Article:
Anthony breaks ranks at risk of being court-Martialled
You don’t have to read too deeply between the lines of Louis van Gaal’s post-match assessments to tell that he was not wholly amused after the victory over Swansea City. Manchester United’s first win in seven league outings came thanks to (or rather, despite) “risky” play, claimed the manager.
It was a reference, maybe, to Anthony Martial, who broke ranks and rushed to the byline before drilling the low cross that provided Wayne Rooney’s winning goal. His manager was, at that point, in the midst of several reactive tactical changes, seeking to contain the damage done by Gylfi Sigurdsson’s equaliser rather than exploit the new gaps shown by the away side.
It would be wrong to suggest that the players are not playing ‘for’ Van Gaal. The recent comments of Chris Smalling and Michael Carrick in defence of their manager read sincere. It might be more accurate to say that they are, in brief moments, playing in spite of his instructions and restrictive style of play.
Unfortunately for Van Gaal, it is in these moments, and these moments alone, that they look like Manchester United again.
Jurgen’s not afraid to go ‘bad Klopp’ in front of the cameras
For all giddiness, the grinning, the “calm down, it’s Christmas”, Jurgen Klopp can turn nasty when necessary. This, in fact, should not be news to anyone. He did so on the touchlines of St. James’ Park and Vicarage Road during two recent miserable performances, and even while his side played brilliantly at Eastlands and Stamford Bridge.
This weekend, however, after their gutless performance against West Ham United, he showed ‘bad Klopp’ rather than ‘good Klopp’ to the post-match television cameras. For the first time, he was angry with his players and he made it public, which should provide a clear message to those who are underperforming. Despite his talk of wanting to improve performances through the training ground rather than the transfer market, his patience will not be permanent.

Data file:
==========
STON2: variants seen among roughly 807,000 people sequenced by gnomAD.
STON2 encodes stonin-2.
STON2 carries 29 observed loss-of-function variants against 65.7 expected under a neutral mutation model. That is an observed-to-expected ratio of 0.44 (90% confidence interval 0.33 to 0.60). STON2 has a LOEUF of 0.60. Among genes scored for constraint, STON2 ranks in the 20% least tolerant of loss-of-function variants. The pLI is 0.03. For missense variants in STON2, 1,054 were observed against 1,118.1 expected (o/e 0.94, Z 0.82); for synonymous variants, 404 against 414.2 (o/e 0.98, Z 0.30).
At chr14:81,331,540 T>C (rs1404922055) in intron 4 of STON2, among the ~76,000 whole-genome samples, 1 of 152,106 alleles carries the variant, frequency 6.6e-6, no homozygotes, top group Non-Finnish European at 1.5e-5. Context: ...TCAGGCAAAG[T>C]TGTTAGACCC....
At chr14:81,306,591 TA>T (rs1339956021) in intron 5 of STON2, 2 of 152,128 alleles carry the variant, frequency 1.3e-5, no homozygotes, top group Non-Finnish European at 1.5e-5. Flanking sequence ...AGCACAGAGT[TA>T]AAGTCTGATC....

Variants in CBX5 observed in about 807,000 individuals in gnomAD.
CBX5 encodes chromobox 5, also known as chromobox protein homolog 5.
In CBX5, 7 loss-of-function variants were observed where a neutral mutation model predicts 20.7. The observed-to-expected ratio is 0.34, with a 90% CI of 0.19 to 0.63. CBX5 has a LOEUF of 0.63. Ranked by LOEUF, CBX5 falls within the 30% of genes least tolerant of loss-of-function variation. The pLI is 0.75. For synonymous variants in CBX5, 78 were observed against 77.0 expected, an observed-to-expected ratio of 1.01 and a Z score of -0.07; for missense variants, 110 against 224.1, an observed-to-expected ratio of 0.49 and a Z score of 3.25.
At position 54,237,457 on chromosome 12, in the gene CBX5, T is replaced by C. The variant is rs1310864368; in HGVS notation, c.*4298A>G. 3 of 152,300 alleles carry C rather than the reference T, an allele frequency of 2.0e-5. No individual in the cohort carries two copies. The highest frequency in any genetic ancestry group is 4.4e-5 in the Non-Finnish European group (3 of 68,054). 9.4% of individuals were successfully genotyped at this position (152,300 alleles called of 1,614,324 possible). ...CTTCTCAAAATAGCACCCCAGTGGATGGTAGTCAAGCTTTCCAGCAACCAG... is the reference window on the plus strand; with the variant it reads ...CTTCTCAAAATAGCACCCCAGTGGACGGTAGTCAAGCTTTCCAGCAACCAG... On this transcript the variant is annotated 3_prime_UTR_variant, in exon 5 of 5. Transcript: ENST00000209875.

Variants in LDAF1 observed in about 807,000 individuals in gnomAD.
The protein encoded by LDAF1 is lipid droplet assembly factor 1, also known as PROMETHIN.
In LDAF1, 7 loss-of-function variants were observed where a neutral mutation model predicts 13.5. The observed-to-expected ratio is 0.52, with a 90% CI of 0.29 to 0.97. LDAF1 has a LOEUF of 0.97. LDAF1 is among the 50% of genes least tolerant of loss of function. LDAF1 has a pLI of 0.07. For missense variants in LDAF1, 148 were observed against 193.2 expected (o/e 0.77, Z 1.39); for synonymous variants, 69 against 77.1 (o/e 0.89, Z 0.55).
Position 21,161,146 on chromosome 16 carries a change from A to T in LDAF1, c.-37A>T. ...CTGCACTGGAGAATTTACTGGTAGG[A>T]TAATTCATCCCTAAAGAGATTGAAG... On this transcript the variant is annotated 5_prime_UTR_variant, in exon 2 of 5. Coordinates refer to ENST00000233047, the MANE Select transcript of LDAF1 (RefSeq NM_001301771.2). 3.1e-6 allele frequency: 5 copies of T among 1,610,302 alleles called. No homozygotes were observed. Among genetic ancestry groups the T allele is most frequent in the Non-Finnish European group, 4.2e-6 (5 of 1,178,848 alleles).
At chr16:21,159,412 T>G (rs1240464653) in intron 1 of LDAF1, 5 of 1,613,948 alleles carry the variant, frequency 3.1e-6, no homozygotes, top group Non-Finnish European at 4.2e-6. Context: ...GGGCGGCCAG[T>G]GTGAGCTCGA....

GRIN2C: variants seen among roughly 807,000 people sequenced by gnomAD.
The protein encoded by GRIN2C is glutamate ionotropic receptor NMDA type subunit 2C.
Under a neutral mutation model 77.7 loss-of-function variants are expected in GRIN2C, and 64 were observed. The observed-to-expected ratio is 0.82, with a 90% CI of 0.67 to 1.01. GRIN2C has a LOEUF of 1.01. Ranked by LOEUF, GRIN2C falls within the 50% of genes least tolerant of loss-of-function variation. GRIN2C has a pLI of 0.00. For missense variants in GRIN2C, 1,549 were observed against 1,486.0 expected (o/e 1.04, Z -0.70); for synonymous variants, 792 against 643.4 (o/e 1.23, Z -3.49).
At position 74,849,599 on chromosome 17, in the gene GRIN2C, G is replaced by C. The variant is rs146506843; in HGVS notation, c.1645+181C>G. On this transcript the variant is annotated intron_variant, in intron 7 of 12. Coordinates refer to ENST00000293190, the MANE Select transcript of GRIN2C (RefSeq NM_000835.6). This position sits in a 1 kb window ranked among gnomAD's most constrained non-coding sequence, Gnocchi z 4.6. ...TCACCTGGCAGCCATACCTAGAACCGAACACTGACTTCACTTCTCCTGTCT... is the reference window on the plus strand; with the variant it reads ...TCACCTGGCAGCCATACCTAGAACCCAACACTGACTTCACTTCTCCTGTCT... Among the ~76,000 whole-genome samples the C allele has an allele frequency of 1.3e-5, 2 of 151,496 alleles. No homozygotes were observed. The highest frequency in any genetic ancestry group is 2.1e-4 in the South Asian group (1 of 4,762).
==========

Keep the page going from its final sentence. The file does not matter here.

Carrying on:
The worst has passed at Chelsea, on the pitch at least...
Many Chelsea supporters watched ‘the rat pack’s 3-0 win at Selhurst Park yesterday with suspicion and, in fairness, you can forgive them for doing so. This was a performance unlike any that we’ve seen from the defending champions this season, as energetic running and sheer effort broke down the usually formidable Crystal Palace.
There will still be bumps in the road and a full-scale revival may not happen but it seems safe to say that the worst has passed.
The question is whether the elements of the support which still bear a grudge against the club’s players can get back on board. The short memory of modern football suggests that they will. The atmosphere around Stamford Bridge may be poisonous for a while but, if they can keep it up, this form will be the antidote.
Arsenal can win ugly
Accusations of flimsiness and vulnerability levelled at Arsenal to the point of cliche, but they are not levelled without reason. Too often, Arsene Wenger’s sides have crumbled under the slightest scrutiny, especially when events elsewhere begin to transpire in their favour.
Every so often, though, they put in a performance which shows they are capable of snatching a win as well as strolling to one. Their narrow victory over Newcastle United this weekend, thanks in large part to Petr Cech, was one such win. Now, the challenge is to do it again, as surely they must if they are to take advantage of their rival’s troubles and win this Premier League title.
Should old acquaintance be forgot...
The first Premier League weekend of the new year had an air of familiarity about it. Diego Costa, Wayne Rooney, Sergio Aguero and Yaya Toure were all on the scoresheet. For only the second time this season, last term’s top four all won on the same weekend. Leicester City were held and their breakout star ignominiously missed a penalty, while fellow surprise packages Watford and Crystal Palace lost, albeit to two of that aforementioned top four.
This topsy-turvy Premier League season may not have regressed to the mean just yet, and certainly not off the back of one round of fixtures at the end of a busy festive period, but there was hint this weekend that soon enough, the empire will strike back. It’s true to say that every club is rich and, in a sense, 'equal' now. Some, however, remain more equal than others.
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